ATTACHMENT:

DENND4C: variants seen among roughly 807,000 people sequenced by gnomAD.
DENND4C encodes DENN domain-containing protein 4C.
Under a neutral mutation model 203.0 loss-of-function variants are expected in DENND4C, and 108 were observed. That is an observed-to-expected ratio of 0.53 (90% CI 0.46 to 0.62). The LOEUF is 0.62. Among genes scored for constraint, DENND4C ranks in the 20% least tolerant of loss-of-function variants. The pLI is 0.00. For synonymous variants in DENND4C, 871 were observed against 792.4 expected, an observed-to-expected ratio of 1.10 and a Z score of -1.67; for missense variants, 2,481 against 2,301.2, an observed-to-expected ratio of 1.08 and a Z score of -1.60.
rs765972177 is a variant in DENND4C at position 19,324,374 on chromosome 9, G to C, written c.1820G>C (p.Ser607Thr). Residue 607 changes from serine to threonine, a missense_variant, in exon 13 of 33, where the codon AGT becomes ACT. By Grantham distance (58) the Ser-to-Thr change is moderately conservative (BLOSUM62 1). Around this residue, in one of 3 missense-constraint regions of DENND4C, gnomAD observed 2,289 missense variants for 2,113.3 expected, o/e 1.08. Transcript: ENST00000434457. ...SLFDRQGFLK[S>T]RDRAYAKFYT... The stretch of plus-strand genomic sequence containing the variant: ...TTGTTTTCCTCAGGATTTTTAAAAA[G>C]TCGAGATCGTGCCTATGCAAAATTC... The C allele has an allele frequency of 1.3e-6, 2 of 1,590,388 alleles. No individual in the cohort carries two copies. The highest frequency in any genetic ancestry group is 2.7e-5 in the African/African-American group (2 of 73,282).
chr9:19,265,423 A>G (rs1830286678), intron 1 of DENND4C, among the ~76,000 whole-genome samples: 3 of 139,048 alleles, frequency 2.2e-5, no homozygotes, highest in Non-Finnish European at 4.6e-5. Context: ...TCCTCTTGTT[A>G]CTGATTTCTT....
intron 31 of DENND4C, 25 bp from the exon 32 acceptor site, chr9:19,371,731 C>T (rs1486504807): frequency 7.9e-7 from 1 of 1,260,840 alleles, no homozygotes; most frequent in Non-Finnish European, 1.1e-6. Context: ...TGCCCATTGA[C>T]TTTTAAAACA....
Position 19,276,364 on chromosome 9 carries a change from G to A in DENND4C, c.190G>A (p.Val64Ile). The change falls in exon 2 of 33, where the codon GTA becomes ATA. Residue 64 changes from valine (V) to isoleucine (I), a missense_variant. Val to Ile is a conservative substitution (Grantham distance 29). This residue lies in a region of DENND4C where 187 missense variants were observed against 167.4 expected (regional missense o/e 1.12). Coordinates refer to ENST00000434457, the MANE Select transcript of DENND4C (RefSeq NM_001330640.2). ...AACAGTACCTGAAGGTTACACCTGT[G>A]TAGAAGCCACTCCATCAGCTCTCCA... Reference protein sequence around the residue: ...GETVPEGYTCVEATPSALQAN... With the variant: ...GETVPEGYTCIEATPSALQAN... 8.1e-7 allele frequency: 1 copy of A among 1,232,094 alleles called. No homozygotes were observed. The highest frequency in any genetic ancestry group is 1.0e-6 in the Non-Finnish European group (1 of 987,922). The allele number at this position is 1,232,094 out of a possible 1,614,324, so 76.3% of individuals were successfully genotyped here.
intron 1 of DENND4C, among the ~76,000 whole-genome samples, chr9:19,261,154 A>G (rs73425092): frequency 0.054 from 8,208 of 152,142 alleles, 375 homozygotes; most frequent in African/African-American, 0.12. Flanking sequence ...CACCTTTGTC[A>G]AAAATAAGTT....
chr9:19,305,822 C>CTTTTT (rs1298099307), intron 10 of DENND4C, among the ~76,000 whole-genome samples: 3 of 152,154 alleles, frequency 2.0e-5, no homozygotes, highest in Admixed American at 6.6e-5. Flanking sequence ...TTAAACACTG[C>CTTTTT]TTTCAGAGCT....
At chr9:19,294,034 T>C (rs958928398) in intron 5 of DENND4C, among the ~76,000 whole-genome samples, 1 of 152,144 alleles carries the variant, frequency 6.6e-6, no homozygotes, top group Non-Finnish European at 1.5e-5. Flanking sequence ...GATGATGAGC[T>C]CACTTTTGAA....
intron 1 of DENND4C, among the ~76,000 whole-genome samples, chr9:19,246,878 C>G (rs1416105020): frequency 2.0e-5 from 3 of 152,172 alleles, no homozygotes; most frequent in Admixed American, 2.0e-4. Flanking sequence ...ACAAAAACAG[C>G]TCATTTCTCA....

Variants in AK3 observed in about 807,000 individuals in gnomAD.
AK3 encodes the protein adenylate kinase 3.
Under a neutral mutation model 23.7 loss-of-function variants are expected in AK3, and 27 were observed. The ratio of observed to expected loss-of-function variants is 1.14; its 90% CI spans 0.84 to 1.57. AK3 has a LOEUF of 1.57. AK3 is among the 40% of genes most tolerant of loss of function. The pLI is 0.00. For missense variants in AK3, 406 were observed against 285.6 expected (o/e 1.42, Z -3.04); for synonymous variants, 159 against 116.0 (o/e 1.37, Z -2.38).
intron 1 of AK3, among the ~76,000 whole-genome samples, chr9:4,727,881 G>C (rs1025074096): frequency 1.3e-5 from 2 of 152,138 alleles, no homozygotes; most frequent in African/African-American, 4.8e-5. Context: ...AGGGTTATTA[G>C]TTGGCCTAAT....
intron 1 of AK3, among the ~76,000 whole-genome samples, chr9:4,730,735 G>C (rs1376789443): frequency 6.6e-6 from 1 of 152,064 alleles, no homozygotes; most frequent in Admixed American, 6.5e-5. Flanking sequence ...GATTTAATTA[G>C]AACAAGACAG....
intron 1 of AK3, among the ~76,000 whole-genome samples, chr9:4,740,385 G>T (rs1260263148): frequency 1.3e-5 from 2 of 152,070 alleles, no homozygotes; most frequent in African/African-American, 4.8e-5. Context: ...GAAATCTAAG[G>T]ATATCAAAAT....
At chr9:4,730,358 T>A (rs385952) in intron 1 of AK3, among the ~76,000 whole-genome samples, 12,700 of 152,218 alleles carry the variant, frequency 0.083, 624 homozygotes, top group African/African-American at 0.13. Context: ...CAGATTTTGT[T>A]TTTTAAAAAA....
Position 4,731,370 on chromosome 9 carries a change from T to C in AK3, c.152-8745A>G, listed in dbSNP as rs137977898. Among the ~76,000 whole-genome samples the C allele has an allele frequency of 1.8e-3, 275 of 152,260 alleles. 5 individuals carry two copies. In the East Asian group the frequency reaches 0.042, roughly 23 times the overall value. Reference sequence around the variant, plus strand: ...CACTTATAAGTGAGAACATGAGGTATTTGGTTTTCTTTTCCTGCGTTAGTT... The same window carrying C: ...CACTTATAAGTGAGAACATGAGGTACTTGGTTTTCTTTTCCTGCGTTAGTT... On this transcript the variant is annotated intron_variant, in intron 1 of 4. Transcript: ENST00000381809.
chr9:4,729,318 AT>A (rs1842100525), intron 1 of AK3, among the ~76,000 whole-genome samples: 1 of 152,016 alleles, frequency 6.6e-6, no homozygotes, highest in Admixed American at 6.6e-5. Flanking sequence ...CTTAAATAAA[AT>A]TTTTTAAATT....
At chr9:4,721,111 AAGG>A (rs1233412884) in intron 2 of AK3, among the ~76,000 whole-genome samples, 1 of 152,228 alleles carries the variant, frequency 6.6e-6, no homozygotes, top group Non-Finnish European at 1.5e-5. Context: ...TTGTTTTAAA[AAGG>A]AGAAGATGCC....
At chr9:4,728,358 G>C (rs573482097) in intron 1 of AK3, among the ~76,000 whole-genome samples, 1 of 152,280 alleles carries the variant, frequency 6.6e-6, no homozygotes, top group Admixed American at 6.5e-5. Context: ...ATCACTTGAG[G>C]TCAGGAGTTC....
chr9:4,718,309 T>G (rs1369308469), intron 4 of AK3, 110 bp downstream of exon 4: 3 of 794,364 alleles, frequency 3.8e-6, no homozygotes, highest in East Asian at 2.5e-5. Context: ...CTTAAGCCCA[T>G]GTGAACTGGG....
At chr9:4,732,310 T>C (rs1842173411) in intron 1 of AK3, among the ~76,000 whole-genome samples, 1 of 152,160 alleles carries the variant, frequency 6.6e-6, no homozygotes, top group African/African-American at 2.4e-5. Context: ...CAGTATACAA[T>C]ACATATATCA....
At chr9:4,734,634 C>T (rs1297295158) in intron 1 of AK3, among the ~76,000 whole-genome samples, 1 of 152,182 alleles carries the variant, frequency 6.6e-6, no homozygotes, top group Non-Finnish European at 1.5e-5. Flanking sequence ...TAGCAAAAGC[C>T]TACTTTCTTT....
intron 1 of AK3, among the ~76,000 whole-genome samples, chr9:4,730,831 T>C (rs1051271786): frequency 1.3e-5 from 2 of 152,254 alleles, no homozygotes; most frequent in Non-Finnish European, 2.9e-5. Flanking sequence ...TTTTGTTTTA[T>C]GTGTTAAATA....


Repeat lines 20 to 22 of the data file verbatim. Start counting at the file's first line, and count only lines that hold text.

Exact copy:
chr9:4,729,318 AT>A (rs1842100525), intron 1 of AK3, among the ~76,000 whole-genome samples: 1 of 152,016 alleles, frequency 6.6e-6, no homozygotes, highest in Admixed American at 6.6e-5. Flanking sequence ...CTTAAATAAA[AT>A]TTTTTAAATT....
At chr9:4,721,111 AAGG>A (rs1233412884) in intron 2 of AK3, among the ~76,000 whole-genome samples, 1 of 152,228 alleles carries the variant, frequency 6.6e-6, no homozygotes, top group Non-Finnish European at 1.5e-5. Context: ...TTGTTTTAAA[AAGG>A]AGAAGATGCC....
At chr9:4,728,358 G>C (rs573482097) in intron 1 of AK3, among the ~76,000 whole-genome samples, 1 of 152,280 alleles carries the variant, frequency 6.6e-6, no homozygotes, top group Admixed American at 6.5e-5. Context: ...ATCACTTGAG[G>C]TCAGGAGTTC....